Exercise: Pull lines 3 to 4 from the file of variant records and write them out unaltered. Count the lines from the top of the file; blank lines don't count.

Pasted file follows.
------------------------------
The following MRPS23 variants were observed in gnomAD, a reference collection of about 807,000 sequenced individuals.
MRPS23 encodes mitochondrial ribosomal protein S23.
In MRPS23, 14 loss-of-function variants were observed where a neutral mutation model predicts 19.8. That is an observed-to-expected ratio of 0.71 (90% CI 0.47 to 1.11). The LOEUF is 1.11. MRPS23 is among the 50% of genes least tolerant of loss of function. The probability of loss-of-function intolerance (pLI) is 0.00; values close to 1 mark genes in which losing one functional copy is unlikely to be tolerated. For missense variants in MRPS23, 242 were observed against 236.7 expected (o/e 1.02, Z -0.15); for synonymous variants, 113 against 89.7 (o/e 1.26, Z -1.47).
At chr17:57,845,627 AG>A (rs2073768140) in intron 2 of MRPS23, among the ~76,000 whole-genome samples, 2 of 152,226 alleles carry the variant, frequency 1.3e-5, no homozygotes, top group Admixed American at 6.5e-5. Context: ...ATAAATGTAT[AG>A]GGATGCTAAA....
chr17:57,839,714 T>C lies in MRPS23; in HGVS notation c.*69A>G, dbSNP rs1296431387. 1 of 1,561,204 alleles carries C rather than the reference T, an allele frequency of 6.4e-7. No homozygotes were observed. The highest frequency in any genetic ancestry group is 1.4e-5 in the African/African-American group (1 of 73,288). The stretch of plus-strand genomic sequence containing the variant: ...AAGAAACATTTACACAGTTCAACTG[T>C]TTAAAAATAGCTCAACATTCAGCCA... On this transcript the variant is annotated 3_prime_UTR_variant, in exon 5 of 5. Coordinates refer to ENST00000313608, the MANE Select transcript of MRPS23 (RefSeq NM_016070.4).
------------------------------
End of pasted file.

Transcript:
In MRPS23, 14 loss-of-function variants were observed where a neutral mutation model predicts 19.8. That is an observed-to-expected ratio of 0.71 (90% CI 0.47 to 1.11). The LOEUF is 1.11. MRPS23 is among the 50% of genes least tolerant of loss of function. The probability of loss-of-function intolerance (pLI) is 0.00; values close to 1 mark genes in which losing one functional copy is unlikely to be tolerated. For missense variants in MRPS23, 242 were observed against 236.7 expected (o/e 1.02, Z -0.15); for synonymous variants, 113 against 89.7 (o/e 1.26, Z -1.47).
At chr17:57,845,627 AG>A (rs2073768140) in intron 2 of MRPS23, among the ~76,000 whole-genome samples, 2 of 152,226 alleles carry the variant, frequency 1.3e-5, no homozygotes, top group Admixed American at 6.5e-5. Context: ...ATAAATGTAT[AG>A]GGATGCTAAA....